• A61F2002/1681Intraocular lenses having supporting structure for lens, e.g. haptics
    • A61F2002/169Surrounding optic
    • AHUMAN NECESSITIES
    • A61MEDICAL OR VETERINARY SCIENCE; HYGIENE
    • A61FFILTERS IMPLANTABLE INTO BLOOD VESSELS; PROSTHESES; DEVICES PROVIDING PATENCY TO, OR PREVENTING COLLAPSING OF, TUBULAR STRUCTURES OF THE BODY, E.G. STENTS; ORTHOPAEDIC, NURSING OR CONTRACEPTIVE DEVICES; FOMENTATION; TREATMENT OR PROTECTION OF EYES OR EARS; BANDAGES, DRESSINGS OR ABSORBENT PADS; FIRST-AID KITS
    • A61F2250/00Special features of prostheses classified in groups A61F2/00 - A61F2/26 or A61F2/82 or A61F9/00 or A61F11/00 or subgroups thereof
    • A61F2250/0004Special features of prostheses classified in groups A61F2/00 - A61F2/26 or A61F2/82 or A61F9/00 or A61F11/00 or subgroups thereof adjustable
    • A61F2250/0008Special features of prostheses classified in groups A61F2/00 - A61F2/26 or A61F2/82 or A61F9/00 or A61F11/00 or subgroups thereof adjustable for adjusting a position by translation along an axis or two perpendicular axes

Abstract

An intraocular lens includes an optic and an optic holder holding the optic in a ring form. The optic is movable in the optic holder parallel to a central axis of the optic. Further, a method of correcting a refractive error of an intraocular lens includes preparing the intraocular lens including an optic and an optic holder holding the optic in a ring form, and moving the optic in the optic holder parallel to a central axis of the optic. Meanwhile, the optic includes at least one first recess or hole in a predetermined area of a front surface thereof, and the optic holder includes at least one second recess or hole in a predetermined area of a front surface thereof. The intraocular lens is supported on a whole through the second recess or hole, and the optic is spirally rotated through the first recess or hole, using surgical hook for each recess or hole.

Description

INTRAOCULAR LENS AND METHOD OF CORRECTING REFRACTIVE ERROR THEREOF

The present invention relates, in general, to an intraocular lens implanted into an eyeball in the event of cataract surgery, and particularly to an intraocular lens capable of safely correcting postoperative refractive error after cataract surgery by a simple procedure, and a method of correcting the refractive error of the intraocular lens.

The human eye is generally very similar in structure and function to a camera, and has a crystalline lens composed of a transparent biconvex lens shaped tissue at the rear of the pupil. This crystalline lens serves as a lens of the camera, becomes opaque and worsens the vision as a result of aging, external injuries, diabetes, side effects of a variety of different medicines, exposure to radioactivity or various harmful electromagnetic waves, and so on. This is called a cataract.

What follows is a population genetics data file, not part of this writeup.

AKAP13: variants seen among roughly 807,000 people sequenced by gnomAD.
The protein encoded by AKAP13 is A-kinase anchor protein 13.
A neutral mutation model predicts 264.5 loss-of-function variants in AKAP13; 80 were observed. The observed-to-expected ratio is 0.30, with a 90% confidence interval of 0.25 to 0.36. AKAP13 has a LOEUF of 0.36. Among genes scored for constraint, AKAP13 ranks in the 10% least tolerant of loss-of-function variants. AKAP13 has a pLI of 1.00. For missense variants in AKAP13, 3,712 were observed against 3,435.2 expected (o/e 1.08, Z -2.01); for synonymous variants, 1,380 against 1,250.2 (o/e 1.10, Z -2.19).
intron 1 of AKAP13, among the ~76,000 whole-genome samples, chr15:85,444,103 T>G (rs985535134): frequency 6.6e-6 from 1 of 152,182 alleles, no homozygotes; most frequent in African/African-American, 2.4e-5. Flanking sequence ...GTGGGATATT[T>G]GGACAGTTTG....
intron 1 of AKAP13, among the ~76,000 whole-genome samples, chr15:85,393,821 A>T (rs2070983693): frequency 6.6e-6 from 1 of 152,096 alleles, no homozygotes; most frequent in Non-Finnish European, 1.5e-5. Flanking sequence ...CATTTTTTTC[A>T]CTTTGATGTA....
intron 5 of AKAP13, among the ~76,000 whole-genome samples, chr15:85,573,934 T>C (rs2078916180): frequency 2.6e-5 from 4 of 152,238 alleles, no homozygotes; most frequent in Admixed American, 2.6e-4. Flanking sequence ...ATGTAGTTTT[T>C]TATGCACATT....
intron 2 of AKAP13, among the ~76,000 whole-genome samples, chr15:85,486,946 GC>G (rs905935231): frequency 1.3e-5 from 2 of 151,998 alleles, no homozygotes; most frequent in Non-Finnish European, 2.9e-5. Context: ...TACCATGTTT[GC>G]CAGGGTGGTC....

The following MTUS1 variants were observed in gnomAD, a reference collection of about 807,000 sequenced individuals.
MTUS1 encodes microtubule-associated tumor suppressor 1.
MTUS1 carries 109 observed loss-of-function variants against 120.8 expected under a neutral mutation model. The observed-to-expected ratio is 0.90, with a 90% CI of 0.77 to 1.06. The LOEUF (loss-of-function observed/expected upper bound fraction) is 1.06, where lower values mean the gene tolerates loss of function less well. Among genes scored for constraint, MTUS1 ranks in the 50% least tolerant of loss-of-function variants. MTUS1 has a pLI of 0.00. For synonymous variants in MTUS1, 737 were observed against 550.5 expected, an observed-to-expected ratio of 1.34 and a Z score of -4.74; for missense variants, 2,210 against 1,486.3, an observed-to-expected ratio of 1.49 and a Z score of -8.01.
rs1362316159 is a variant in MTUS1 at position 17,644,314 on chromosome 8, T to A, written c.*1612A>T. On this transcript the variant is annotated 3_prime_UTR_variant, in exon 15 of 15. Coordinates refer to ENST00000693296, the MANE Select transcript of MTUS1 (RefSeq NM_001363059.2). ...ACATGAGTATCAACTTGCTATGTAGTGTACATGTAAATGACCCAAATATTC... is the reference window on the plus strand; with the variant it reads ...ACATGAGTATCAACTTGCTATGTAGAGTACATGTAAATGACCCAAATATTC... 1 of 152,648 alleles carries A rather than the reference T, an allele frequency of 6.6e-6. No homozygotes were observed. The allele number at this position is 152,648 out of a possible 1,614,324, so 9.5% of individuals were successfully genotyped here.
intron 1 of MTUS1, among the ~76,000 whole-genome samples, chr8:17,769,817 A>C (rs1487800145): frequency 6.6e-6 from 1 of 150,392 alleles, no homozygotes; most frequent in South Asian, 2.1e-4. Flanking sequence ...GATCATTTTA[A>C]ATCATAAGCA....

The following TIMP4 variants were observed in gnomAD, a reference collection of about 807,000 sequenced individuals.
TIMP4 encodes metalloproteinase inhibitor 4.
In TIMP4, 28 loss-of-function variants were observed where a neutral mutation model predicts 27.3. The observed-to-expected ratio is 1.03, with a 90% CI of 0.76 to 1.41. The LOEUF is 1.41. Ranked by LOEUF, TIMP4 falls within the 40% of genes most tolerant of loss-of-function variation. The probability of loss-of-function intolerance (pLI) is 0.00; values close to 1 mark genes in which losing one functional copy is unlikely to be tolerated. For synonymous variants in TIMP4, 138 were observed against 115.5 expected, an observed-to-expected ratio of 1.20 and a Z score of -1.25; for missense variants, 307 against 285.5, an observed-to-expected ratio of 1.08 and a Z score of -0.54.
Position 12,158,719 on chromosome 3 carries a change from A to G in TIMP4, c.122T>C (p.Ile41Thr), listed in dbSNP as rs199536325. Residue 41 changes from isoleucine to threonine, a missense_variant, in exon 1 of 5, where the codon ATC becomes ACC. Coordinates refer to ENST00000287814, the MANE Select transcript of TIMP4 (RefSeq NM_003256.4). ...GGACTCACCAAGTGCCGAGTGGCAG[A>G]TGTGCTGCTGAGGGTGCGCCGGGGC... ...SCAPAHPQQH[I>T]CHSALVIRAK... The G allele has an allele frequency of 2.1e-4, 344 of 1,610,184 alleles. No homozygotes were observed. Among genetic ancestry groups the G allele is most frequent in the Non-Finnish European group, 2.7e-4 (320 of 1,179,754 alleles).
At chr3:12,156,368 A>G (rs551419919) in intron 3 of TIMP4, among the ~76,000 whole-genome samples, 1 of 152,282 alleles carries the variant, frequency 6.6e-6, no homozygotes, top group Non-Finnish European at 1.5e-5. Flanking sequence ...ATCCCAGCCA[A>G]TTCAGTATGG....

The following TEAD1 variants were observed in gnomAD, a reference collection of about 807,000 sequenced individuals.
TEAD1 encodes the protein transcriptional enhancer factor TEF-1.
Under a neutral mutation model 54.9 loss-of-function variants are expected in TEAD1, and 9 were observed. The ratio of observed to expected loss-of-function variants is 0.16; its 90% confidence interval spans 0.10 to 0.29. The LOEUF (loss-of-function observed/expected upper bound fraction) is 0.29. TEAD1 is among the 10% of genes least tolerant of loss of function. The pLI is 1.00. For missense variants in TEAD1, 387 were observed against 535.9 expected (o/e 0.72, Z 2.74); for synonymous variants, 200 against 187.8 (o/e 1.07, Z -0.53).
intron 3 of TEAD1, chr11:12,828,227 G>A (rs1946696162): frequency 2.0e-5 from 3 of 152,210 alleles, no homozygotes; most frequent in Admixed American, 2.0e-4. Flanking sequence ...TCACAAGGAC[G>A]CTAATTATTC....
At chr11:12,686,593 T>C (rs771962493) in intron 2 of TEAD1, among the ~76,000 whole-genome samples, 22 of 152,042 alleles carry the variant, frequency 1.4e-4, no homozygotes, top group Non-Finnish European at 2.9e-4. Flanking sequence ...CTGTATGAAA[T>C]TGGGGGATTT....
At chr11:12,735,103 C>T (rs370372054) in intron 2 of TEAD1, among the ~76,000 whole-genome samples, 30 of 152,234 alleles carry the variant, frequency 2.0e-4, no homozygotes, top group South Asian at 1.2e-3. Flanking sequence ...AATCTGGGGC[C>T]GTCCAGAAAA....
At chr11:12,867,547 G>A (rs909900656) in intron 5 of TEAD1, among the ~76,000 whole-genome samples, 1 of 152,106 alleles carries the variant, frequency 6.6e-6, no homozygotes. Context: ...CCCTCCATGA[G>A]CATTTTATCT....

The treatment for cataracts is performed by medicines and operative procedures. Although various medicinal treatments using a variety of medicines are well known, it is difficult to expect these medicinal treatments to be so effective as to replace the operative treatment. Thus, the treatment for cataracts ultimately has no alternative but to have recourse to surgical treatment, and so the development of medical technology is focused on this, the operative treatment.

The operative treatment for cataracts is generally divided into two processes: a first process of removing an opaque crystalline lens, and a second process of implanting an intraocular lens replacing a function of the removed crystalline lens which was to focus light on the retina. The operative treatment for cataracts is generally based on a surgical treatment that extracts an opaque crystalline lens using, for instance, phacoemulsification, and then inserts an intraocular lens having a predetermined shape into the anterior or posterior chamber of the eye.

In this case, most intraocular lenses are adapted to be inserted into a portion called the capsular bag within the posterior chamber in the eyeball or between the capsular bag and the iris.

Meanwhile, the intraocular lenses may be sorted into two types, depending on the position of insertion, wherein one is for insertion into the anterior chamber and the other is for insertion into the posterior chamber. Further, the intraocular lens may be sorted into rigid and soft types according to whether it is able to be folded in half when being inserted. The rigid intraocular lenses generally employ polymethylmethacrylate (PMMA), and the soft intraocular lenses are generally made of silicone or acrylic material.

Among them, most of the intraocular lenses in use at the present time are the posterior chamber insert lenses, particularly the soft intraocular lenses that are foldable up to 3 mm or less so as to be inserted into the eyeball even when the cornea or sclera is incised to about 3 mm during the cataract surgery.